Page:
The eastern section of Jaleshwar is the seat of temporal authority. Almost all government offices are located along a north-south road that connects the army barracks with the CDO office. The district hospital and schools too are in this area for the convenience of the families of public servants. Increasingly, however, government officials are to be found in Janakpur, from where they commute everyday.
The bajar area links these two parts and is the belly of the town, almost literally, as it houses all the main eateries, mithai shops, beer bars and arrack outlets. This is where journalists gather in the evening, politicians hold court in front of paan shops and manpower agents try to lure unsuspecting villagers into low-paying jobs in Afghanistan and Iraq. But the Chowk no longer glitters. With the en masse departure of the Marwari shopkeepers, shopping is not the attraction it used to be.
There are economic reasons behind the out-migration of this vibrant business community. Janakpur has emerged as a bigger commercial centre and attracts traders from smaller towns in the vicinity. Enterprising traders have moved as far as Birganj and Lahan, and some have even moved to the capital to make their fortunes. But the most important factor behind the flight of Jaleshwar's Marwaris is psychological.
A half-dismantled shopping centre in the bajar (see box) stands as a monument to the humiliation of the most respected Marwari trader in town at the hands of an arriviste UML politico. Perhaps to remind locals of their complicity in the crime as bemused bystanders, the owners of the once-magnificent house have left the skeleton intact.
When it was built in the late eighties, Siriya Marwari's house looked too imposing to be in a town as sleepy as Jaleshwar. But the venerable Seth wanted to impress local government officers with his wealth, taste and power. Engineers and builders were brought in from Mujaffarpur and construction material was procured from Kathmandu and Patna. The top floor of the building was to house his family while businesses were to operate from shuttered fronts on the ground floor. For the first few years, it appeared as if the town finally had a commercial landmark. But jealousy is the evil twin of success.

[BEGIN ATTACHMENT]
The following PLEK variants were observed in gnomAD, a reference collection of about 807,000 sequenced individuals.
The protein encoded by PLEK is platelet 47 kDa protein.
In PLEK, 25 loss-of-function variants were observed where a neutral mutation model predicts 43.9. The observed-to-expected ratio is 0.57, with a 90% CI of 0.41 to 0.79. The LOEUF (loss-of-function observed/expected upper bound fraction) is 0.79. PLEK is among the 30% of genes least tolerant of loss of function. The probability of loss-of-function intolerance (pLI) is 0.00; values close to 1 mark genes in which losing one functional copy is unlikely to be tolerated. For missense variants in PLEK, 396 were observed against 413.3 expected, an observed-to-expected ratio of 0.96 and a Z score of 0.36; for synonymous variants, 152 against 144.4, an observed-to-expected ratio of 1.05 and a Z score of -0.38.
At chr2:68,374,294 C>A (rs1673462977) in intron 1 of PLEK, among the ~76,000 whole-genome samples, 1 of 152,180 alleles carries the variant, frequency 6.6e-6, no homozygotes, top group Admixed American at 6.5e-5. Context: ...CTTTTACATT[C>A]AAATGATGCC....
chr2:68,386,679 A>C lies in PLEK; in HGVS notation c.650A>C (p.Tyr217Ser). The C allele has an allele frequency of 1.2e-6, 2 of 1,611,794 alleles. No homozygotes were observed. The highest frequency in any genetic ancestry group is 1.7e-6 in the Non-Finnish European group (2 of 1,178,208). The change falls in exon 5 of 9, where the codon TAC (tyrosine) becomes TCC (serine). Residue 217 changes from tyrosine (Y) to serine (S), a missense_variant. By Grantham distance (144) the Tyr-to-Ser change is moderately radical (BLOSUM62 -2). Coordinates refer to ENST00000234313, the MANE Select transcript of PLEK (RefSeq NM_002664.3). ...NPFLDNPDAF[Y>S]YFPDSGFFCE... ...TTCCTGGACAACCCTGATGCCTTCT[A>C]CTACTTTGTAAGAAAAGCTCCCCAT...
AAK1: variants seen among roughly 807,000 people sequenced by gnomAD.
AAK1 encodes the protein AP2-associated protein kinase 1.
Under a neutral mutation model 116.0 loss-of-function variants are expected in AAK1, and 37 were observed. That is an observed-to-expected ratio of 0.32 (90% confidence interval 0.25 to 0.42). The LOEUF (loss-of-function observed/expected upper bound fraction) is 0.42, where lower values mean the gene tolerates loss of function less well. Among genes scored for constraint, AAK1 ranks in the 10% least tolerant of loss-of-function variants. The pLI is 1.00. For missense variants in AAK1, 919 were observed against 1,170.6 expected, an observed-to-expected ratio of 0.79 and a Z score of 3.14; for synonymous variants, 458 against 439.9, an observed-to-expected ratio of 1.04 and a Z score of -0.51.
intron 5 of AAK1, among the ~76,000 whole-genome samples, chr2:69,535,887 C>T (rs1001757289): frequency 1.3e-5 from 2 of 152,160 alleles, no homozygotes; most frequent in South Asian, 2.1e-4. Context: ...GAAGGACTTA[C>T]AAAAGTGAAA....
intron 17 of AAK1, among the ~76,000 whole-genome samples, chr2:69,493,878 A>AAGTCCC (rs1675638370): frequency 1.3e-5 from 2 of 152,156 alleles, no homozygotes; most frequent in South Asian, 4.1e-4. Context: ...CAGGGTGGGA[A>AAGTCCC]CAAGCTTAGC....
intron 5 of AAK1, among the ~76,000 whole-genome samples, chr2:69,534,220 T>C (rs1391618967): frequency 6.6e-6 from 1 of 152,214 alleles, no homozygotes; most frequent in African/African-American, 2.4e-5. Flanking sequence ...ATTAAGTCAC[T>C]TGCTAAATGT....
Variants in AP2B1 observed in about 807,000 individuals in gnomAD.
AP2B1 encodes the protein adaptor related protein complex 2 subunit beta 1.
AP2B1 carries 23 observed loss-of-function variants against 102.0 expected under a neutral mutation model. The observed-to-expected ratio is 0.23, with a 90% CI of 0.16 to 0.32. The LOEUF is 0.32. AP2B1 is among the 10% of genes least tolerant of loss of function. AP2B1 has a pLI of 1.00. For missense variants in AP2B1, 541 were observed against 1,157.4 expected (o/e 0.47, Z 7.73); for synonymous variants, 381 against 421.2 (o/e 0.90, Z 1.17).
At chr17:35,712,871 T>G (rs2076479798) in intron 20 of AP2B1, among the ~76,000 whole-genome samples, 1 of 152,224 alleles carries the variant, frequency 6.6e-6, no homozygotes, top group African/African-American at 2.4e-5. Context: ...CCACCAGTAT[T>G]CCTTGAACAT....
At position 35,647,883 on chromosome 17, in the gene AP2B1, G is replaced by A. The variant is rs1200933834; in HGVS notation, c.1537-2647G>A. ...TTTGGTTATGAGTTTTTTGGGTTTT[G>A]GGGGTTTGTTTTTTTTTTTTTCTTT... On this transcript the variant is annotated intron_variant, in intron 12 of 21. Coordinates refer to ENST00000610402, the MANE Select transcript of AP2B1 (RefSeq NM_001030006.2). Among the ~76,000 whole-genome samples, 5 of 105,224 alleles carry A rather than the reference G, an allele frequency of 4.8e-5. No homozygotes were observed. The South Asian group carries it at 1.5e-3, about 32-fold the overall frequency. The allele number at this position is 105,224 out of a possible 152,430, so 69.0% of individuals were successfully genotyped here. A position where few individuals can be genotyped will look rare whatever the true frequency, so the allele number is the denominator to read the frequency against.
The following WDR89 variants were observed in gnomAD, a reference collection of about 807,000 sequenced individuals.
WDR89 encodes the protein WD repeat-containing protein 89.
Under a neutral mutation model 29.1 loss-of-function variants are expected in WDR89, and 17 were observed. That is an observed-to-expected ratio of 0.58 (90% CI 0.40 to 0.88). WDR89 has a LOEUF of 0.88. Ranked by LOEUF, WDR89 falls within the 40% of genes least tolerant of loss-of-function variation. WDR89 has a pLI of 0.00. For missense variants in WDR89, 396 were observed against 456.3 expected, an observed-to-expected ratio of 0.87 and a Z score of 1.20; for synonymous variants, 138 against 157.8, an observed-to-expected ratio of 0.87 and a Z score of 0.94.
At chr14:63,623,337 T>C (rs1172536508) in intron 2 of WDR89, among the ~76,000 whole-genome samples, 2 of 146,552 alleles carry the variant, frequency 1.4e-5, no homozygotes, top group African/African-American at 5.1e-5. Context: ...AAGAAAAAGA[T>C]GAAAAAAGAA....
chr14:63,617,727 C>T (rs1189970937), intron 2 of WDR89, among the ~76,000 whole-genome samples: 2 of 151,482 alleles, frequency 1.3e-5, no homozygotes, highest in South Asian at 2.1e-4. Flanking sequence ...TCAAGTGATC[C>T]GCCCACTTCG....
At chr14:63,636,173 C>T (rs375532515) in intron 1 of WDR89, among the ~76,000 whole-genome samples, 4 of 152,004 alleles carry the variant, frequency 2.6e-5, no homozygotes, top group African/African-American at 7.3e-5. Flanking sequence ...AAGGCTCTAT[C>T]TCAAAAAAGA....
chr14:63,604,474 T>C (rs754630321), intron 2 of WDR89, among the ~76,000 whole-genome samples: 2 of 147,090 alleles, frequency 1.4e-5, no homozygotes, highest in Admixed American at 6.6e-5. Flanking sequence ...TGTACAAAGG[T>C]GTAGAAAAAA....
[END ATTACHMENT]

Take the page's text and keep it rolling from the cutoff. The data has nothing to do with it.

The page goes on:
After the political changes of 1990, the old Seth found it hard to learn new tricks to do business with the UML upstarts in town. Mayor Balkrishna Dhakal used his proximity to Khadga Oli and Madhav Nepal to push through demolition orders, ostensibly to widen a road where few buses ply even today. The building was defaced and rendered unusable. Unable to bear the humiliation, the most well-known Marwari family of Mahottari left Jaleshwar for good.
With the big businesses gone, the town wears a somewhat dehydrated look. Other than government vehicles, there are few cars to use the recently widened and freshly paved roads. Unsure of the variety and quality of locally available goods, shoppers prefer to go to Janakpur for bigger purchases. Local temples have few patrons and schools and colleges routinely fail to raise funds for additional infrastructure. The Maoists are the new UML around town, with former revolutionaries such as Mayor Dhakal settled into comfortable bourgeois life.
For politicians looking for cheap popularity, eminent domain (the right of the state to take private property for public use) is a useful tool, and one that makes the rich quaver. The right to property, however, is the sine qua non of economic development. Jaleshwar's sad story bears testament to a clash in which the state won the battle, but everyone lost the war.